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Dismissed as a drunk

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This morning there was an old fella struggling to walk.

He looked a little unkempt and was clinging on to a gate to stand up and he had weed himself.

Everyone was laughing saying it was a little early to be in that state.

He slid down the gate and sat on the floor, I must admit he was acting as though he were drunk.

 

I was concerned and a colleague and myself went across to check on him...He was a very scared, confused old gentleman, not drunk at all.

 

I phoned an ambulance and fetched him a chair.

We stayed with him until the ambulance arrived...I asked if there was any way of getting some information about his wellbeing after been taken to hospital and was told no as I'm not family...He couldn't even tell me his name, as he was so confused...

 

It has really made me think and I'm so glad we offered help...

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He could have been diabetic, they can act very similar to drunk people when in trouble.

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Good on you for helping when everyone else passed him by!

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I do hope the old fella is OK.

 

No wonder you are so lovely, Loxley.

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He could have been diabetic, they can act very similar to drunk people when in trouble.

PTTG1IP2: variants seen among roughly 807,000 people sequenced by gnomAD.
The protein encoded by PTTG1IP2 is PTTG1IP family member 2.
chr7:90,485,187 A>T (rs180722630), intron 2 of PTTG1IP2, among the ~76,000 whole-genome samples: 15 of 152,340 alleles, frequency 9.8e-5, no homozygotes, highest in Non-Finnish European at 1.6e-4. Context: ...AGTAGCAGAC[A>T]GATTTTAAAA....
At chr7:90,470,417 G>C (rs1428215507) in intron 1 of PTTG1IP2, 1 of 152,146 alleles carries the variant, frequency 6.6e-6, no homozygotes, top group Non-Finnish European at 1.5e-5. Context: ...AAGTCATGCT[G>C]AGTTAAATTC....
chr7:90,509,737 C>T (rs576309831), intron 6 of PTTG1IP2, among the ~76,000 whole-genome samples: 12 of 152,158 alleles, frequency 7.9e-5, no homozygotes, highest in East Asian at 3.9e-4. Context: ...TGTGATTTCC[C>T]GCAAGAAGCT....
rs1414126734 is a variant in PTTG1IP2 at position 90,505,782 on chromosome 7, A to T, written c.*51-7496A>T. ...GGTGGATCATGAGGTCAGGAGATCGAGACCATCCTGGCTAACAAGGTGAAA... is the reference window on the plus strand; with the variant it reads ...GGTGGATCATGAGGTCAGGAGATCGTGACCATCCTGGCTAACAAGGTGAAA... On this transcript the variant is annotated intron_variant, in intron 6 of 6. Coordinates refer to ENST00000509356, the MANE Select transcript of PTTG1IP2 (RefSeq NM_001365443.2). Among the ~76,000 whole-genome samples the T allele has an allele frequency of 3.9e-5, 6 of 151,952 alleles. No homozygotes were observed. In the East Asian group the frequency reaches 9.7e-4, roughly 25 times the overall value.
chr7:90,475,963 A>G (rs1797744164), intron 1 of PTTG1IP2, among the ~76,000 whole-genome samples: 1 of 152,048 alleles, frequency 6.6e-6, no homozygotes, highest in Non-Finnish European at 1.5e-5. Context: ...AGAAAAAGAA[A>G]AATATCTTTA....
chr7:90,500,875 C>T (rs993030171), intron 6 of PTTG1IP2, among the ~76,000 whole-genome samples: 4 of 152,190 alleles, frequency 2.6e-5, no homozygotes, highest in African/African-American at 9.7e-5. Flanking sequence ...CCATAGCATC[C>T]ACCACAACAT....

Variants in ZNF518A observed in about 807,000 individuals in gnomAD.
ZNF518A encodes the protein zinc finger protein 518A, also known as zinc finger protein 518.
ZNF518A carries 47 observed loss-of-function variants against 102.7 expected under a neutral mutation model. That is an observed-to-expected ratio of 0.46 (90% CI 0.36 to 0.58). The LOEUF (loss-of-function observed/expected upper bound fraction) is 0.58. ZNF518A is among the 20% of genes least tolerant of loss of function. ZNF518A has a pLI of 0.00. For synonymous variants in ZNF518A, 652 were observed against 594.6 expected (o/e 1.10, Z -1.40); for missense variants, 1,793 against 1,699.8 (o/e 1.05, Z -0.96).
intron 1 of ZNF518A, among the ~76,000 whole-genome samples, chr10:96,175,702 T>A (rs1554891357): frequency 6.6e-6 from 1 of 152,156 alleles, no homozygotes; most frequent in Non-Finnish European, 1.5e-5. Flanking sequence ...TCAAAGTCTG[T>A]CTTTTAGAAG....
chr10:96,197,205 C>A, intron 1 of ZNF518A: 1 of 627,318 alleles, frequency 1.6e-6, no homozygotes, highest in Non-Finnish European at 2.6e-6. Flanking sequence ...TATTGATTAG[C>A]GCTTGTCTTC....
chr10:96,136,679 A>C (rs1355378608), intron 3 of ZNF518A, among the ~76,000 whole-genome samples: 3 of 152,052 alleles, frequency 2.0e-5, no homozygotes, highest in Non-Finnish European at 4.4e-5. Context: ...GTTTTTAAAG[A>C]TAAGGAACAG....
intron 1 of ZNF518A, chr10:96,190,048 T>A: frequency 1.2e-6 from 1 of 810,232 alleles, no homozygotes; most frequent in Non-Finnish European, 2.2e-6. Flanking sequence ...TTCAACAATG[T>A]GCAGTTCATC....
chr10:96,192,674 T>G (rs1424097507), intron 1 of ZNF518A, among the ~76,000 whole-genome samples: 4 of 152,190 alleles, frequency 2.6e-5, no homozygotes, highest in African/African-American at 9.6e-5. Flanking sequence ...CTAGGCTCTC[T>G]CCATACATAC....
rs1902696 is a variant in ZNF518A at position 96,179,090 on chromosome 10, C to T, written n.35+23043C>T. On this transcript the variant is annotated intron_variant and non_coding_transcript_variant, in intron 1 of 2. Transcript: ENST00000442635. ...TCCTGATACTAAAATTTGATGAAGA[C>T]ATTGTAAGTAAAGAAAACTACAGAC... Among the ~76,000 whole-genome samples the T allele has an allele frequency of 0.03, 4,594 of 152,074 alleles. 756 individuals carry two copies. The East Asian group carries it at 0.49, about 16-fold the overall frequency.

I assumed that but the ambulance man wouldn't give any information.

He had a jacket and a thick jumper on...he was very warm and redfaced.

I didn't want to be intrusive and so didn't try to adjust his clothing, so I got a chair and he sat in a shaded area...

We got him some water but on the 999 call they told me not to give any liquids or food to the gentleman.

I just hope that he is ok and reunited with his family...

 

---------- Post added 28-07-2014 at 16:55 ----------

 

Good on you for helping when everyone else passed him by!

 

My point in this thread is certainly not for me to appear a saint lol but sometimes people do judge in situations like this...and sometimes it's not as it appears...

I think if everyone just did a little more to help anyone in need (even if he had been drunk) the world would be a much nicer place...

Edited by loxleylovely

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Loxley -- OK if you say you're not a saint, but thank you just the same for taking the time to help a stranger. I appreiciate the reminder to do the same. It's too easy to let fear or busy-ness make one walk by.

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I've once witnessed someone suffering from a severe stroke in a cafe around noon. He was babbling, leant forward and definitely looked like he had 3 bottles of vodka in him, I thought he was drunk and made a remark to my dad. Fortunately my dad is a paramedic and on top of that inquisitive enough to go over for a chat, he immediately recognised the symptoms of a stroke and got his colleagues to come over, they got him to the hospital in time for an operation but had already suffered severe brain damage.

 

The waitress later admitted that he had been there for an hour already and she had been afraid to approach him. I don't think she knows, but if she had looked on for five minutes instead of an hour he probably wouldn't have suffered such severe brain damage. It is always worth checking on people who seem severely out of sorts is the life lesson there.